DTS/AC3/MP3/others really don't have a resolution/bitdepth. They might have a header that contains info about the source but that's all.
Only lossless formats keep the bitdepth.


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duchski2
post Apr 4 2010, 08:27
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QUOTE (Cavaille @ Apr 2 2010, 21:13) *
Guys, dont want to intrude here, but DTS-CDs can store 24 Bit / 44.100 Hz. It is perfectly clear in the helpfile of the SurCode DTS encoder. TELARC produced a few discs using this format. And they are "real" compact disc - one can read a bit more at Wikipedia.



Ok. What about the sampling freq, can DTS-CD contain 48,000 Hz files?
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andy o
post Apr 4 2010, 16:46
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The PCM "noise" is stereo 44.1 kHz, but when decoded, the DTS stream will be 5.1-channel 48 kHz. You can download DTS wav files from the net and check them out. I don't know how this would work for DTS 96/24 streams though, whose bitrates are probably higher.

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duchski2
post Apr 5 2010, 02:01
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QUOTE (andy o @ Apr 4 2010, 11:46) *
The PCM "noise" is stereo 44.1 kHz, but when decoded, the DTS stream will be 5.1-channel 48 kHz. You can download DTS wav files from the net and check them out. I don't know how this would work for DTS 96/24 streams though, whose bitrates are probably higher.



Andy,
Thanks for the info. Do you know of an app that would write wav headers (wrap dts file in a wav container) other than dts2wav which does not work under Win 7?

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andy o
post Apr 5 2010, 08:09
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Nope, sorry all my experience with these is with playback.
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GeSomeone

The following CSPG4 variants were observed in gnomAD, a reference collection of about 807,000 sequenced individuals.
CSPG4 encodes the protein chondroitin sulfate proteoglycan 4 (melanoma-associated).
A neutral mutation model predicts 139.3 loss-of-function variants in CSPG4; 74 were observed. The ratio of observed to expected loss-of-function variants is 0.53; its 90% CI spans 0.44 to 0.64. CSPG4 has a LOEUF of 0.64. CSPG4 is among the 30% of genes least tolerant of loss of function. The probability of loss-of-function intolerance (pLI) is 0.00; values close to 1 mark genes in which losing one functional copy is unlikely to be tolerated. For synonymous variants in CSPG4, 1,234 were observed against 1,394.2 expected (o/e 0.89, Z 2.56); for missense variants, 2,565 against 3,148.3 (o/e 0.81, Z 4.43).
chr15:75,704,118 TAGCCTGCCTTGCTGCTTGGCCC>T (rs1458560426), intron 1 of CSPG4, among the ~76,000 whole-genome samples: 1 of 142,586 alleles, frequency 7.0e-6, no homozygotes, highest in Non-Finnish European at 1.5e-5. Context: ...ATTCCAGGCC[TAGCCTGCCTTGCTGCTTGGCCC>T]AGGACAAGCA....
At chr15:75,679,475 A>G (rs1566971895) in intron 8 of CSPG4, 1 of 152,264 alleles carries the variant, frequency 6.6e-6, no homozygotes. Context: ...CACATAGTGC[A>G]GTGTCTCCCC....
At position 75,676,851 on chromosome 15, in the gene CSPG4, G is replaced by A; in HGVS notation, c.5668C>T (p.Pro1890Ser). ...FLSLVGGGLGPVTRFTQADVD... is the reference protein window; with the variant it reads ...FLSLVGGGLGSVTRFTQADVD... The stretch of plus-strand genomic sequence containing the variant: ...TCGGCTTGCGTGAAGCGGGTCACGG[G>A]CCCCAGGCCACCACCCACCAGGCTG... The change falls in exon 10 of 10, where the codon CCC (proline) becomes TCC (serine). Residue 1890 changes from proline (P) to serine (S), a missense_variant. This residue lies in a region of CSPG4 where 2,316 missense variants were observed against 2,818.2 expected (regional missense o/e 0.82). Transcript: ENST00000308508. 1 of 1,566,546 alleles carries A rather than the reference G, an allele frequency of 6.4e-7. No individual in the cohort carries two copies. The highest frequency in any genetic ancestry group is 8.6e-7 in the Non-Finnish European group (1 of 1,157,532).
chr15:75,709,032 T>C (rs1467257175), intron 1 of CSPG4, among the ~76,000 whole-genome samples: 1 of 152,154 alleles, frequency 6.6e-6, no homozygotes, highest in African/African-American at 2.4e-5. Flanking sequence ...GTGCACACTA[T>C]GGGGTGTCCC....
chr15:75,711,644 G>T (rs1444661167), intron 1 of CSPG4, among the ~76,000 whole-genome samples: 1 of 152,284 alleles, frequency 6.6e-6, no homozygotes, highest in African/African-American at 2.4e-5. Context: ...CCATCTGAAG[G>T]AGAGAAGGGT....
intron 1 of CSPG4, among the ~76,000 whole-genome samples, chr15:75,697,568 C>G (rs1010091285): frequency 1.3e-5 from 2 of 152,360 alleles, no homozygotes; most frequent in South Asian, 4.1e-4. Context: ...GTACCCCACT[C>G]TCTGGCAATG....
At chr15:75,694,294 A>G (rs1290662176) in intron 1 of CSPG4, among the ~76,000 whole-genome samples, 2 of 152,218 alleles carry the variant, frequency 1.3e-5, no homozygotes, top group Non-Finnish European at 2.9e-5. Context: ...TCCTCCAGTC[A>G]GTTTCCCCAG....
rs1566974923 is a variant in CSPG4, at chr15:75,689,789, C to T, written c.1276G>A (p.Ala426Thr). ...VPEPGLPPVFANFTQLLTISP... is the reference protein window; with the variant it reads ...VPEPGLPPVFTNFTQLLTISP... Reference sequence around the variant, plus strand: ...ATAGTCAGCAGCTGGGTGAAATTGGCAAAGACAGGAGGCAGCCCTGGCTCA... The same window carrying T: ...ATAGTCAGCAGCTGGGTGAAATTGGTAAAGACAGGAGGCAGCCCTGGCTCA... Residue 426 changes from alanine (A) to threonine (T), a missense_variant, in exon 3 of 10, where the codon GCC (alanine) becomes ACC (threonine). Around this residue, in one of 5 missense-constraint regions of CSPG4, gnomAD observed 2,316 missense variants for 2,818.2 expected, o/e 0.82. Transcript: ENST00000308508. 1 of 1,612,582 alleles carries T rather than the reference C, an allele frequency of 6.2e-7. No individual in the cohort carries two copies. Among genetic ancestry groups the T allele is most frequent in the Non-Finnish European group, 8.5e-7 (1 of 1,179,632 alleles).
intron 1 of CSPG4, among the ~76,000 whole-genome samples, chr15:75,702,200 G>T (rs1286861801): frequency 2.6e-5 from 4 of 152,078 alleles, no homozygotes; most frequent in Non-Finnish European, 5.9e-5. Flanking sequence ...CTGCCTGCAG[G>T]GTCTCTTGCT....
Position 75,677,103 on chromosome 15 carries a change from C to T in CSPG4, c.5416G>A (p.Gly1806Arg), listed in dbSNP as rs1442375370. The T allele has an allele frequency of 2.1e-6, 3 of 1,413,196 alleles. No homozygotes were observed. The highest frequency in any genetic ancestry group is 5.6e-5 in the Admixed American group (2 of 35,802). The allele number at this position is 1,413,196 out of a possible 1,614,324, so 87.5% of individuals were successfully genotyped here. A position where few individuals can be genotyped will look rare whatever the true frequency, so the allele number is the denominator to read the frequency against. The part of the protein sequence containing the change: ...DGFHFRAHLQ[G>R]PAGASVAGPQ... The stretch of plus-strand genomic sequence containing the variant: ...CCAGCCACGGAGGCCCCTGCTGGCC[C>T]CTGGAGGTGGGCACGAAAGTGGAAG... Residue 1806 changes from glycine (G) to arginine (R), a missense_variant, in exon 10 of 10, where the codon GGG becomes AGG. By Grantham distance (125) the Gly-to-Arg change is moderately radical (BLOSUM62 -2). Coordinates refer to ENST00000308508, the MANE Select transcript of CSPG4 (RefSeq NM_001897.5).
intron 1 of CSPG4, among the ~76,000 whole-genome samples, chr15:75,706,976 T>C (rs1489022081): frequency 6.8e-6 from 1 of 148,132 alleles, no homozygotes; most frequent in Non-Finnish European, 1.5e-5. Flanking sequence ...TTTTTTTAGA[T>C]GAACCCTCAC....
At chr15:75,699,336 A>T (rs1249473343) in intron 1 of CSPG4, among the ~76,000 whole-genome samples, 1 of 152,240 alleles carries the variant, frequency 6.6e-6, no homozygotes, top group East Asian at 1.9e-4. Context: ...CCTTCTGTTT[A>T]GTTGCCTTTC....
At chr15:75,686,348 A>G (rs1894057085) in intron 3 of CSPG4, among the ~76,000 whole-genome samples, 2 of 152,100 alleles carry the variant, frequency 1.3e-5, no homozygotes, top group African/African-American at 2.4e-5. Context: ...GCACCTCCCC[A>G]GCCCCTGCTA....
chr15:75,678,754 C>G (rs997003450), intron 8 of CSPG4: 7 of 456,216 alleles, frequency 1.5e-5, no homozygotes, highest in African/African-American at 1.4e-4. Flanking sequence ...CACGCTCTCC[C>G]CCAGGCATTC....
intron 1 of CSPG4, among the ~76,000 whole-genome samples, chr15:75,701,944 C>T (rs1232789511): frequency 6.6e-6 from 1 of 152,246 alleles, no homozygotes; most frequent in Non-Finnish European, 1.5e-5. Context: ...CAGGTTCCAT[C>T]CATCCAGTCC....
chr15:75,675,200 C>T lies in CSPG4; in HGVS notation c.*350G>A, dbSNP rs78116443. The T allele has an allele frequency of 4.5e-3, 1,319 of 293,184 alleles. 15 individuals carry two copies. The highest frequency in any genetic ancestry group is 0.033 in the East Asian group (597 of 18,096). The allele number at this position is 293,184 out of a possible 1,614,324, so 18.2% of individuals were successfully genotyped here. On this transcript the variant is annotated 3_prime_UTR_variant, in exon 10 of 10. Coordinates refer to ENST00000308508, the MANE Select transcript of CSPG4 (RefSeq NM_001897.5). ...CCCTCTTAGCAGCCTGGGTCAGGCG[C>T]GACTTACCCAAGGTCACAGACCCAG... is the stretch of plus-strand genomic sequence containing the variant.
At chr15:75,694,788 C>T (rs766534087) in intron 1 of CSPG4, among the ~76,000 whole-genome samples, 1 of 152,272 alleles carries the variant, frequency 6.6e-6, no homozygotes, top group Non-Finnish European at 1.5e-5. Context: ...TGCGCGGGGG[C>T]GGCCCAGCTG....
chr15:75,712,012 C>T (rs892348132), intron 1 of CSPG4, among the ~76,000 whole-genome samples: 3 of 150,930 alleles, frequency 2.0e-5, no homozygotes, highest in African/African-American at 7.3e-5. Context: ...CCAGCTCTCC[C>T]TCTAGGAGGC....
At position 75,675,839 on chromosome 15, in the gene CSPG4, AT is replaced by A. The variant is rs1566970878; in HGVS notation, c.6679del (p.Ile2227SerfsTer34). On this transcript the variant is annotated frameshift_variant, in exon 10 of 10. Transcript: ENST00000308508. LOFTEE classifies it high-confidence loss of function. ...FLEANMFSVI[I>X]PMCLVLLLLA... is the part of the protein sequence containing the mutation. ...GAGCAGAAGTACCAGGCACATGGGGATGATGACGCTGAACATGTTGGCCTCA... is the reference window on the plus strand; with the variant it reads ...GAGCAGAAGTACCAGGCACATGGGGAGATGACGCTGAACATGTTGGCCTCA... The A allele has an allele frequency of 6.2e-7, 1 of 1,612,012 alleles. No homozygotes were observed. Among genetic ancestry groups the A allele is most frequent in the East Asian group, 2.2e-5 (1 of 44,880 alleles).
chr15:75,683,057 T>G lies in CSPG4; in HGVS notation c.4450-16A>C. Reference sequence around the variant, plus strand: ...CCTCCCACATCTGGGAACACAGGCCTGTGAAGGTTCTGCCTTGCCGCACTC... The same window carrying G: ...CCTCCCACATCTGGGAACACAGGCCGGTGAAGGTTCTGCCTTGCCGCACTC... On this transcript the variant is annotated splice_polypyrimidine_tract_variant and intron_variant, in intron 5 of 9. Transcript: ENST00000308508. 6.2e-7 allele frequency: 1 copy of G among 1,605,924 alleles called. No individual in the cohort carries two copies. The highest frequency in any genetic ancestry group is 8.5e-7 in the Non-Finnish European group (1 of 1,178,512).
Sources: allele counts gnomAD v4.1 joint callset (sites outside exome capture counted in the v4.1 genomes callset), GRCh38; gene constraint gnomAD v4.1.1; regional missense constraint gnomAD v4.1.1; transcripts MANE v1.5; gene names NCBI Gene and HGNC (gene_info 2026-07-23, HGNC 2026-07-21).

post Apr 13 2010, 17:07
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QUOTE (duchski2 @ Apr 4 2010, 09:27) *
Ok. What about the sampling freq, can DTS-CD contain 48,000 Hz files?
It could depend on the (DTS) encoder, but so far I was only able to encode 44.1kHz input files on DTS-CD. When trying 48kHz the playback speed was totally wrong.

QUOTE (andy o @ Apr 4 2010, 17:46) *
The PCM "noise" is stereo 44.1 kHz, but when decoded, the DTS stream will be 5.1-channel 48 kHz. [..] I don't know how this would work for DTS 96/24 streams though, whose bitrates are probably higher.
DTS(WAV) files can be either either 44.1 or 48kHz. AFAIK the DTS-CD (44.1kHz) that can be burned on a CD, can only contain 44.1 kHz payload (see above). You can use 24 bit input however (as you can for making mp3's). The 96/24 extension can only be used in a full bit rate, 1536 kbps, stream and it will have a 48kHz core for backwards compatibility.

BTW the channel layout does not necessarily have to be 5.1. It could also be 5.0, 4.0 or even 2.0 although the last one is hardly ever used (I'm not sure about 4.1).


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luigiagostini
post Aug 14 2011, 10:42
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Hi,

I produce 3D audio disc that you can play on a regular 7.1 home theater system if you use a switcher for Center and LFE channels.
Two more satellites are needed, as Lsh and Rsh, and you must use Lh and Rh.

I can assure you that you can store and playback eight channels at 24 bit, 96 kHz using DTS HD Master Audio and HDMI 1,4 to connect the player and the A/V receiver.
In my opinion this is the best configuration in terms of quality.

My two cents...

Ciao, Luigi